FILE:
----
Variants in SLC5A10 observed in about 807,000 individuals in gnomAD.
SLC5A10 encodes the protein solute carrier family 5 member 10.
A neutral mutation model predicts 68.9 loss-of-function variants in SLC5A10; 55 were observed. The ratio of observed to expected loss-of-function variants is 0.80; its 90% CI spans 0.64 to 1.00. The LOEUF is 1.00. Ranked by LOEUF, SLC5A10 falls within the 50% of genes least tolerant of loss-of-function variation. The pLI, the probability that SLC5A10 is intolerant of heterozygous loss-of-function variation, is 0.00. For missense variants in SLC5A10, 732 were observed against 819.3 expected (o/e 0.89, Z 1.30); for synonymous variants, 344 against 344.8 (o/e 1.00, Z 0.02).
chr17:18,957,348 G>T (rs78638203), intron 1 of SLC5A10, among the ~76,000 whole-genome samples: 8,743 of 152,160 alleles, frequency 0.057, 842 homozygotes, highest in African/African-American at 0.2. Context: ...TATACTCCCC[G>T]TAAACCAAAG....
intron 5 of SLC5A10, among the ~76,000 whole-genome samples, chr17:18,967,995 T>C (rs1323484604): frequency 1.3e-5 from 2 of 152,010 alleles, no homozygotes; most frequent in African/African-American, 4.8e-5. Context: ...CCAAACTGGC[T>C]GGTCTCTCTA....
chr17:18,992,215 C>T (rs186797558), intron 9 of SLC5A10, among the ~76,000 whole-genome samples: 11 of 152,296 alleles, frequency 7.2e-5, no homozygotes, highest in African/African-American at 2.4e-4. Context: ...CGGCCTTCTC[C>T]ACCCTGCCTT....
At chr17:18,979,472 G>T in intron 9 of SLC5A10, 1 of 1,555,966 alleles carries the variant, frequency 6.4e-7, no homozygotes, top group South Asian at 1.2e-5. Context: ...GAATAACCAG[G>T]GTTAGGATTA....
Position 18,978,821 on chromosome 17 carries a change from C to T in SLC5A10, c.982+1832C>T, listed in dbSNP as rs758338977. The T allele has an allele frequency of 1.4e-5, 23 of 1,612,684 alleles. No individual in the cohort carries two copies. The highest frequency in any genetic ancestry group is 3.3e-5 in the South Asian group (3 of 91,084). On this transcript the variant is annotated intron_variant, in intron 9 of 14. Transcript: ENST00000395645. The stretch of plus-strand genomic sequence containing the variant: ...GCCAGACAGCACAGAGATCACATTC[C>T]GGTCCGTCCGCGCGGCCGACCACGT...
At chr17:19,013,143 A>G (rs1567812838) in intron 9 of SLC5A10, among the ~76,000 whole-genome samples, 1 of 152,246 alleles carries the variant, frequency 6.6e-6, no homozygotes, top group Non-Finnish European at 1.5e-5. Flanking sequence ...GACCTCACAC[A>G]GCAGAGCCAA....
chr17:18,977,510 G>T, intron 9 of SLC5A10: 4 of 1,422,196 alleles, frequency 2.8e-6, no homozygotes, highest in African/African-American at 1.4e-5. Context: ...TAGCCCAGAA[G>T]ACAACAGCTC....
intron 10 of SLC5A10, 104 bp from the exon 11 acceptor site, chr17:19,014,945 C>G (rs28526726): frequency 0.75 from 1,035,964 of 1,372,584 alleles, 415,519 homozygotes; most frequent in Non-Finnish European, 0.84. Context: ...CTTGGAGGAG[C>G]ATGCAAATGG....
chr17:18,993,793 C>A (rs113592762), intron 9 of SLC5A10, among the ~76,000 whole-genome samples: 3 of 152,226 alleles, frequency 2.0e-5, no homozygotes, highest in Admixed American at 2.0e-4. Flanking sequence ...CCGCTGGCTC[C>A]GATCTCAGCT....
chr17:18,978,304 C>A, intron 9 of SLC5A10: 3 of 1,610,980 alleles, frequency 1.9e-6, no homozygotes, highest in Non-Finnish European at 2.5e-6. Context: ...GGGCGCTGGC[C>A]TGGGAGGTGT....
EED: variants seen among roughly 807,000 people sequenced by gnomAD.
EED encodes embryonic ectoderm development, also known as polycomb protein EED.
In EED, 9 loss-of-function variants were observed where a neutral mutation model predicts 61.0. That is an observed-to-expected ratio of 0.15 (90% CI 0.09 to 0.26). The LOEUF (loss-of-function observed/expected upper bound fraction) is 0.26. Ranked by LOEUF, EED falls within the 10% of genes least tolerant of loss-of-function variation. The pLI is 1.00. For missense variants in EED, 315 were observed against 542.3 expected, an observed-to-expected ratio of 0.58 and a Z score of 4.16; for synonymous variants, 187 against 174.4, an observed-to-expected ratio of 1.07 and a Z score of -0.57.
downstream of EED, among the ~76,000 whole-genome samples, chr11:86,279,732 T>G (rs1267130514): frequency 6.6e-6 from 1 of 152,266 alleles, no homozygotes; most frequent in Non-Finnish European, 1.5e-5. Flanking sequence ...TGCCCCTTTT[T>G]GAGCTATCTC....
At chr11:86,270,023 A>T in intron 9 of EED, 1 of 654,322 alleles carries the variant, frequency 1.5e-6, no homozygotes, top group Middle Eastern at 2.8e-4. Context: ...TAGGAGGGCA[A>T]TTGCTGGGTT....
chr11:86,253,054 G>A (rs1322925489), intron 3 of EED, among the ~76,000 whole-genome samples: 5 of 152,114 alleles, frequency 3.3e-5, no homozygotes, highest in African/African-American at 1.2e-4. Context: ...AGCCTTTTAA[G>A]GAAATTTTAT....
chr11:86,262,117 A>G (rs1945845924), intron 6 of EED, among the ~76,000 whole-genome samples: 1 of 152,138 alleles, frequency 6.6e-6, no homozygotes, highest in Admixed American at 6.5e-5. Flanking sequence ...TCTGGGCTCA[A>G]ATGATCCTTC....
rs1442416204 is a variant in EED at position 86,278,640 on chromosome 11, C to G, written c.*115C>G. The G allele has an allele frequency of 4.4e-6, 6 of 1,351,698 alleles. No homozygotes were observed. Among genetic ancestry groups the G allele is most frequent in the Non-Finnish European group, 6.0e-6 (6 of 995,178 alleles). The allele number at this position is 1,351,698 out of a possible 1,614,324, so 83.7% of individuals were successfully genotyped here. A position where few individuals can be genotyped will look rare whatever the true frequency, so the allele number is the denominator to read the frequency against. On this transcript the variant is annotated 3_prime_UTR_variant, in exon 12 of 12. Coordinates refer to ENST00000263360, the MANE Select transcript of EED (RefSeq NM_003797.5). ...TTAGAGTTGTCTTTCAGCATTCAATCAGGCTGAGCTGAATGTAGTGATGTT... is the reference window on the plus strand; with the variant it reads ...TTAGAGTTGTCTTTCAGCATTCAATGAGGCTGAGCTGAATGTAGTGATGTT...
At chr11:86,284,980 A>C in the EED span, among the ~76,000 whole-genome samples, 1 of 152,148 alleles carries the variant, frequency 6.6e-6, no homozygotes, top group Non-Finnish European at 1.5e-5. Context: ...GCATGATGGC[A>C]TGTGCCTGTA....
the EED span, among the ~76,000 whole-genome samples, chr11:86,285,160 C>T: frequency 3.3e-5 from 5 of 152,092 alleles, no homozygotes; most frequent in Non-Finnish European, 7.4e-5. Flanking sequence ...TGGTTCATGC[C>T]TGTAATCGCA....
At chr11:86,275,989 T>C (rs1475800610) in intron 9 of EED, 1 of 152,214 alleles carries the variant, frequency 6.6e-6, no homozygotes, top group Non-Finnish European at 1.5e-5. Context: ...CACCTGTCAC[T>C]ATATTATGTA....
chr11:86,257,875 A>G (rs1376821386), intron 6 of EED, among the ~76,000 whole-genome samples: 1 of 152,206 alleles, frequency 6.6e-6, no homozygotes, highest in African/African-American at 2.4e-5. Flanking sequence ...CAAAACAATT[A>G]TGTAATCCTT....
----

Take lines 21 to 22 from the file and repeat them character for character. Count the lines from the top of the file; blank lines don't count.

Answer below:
rs1442416204 is a variant in EED at position 86,278,640 on chromosome 11, C to G, written c.*115C>G. The G allele has an allele frequency of 4.4e-6, 6 of 1,351,698 alleles. No homozygotes were observed. Among genetic ancestry groups the G allele is most frequent in the Non-Finnish European group, 6.0e-6 (6 of 995,178 alleles). The allele number at this position is 1,351,698 out of a possible 1,614,324, so 83.7% of individuals were successfully genotyped here. A position where few individuals can be genotyped will look rare whatever the true frequency, so the allele number is the denominator to read the frequency against. On this transcript the variant is annotated 3_prime_UTR_variant, in exon 12 of 12. Coordinates refer to ENST00000263360, the MANE Select transcript of EED (RefSeq NM_003797.5). ...TTAGAGTTGTCTTTCAGCATTCAATCAGGCTGAGCTGAATGTAGTGATGTT... is the reference window on the plus strand; with the variant it reads ...TTAGAGTTGTCTTTCAGCATTCAATGAGGCTGAGCTGAATGTAGTGATGTT...
At chr11:86,284,980 A>C in the EED span, among the ~76,000 whole-genome samples, 1 of 152,148 alleles carries the variant, frequency 6.6e-6, no homozygotes, top group Non-Finnish European at 1.5e-5. Context: ...GCATGATGGC[A>C]TGTGCCTGTA....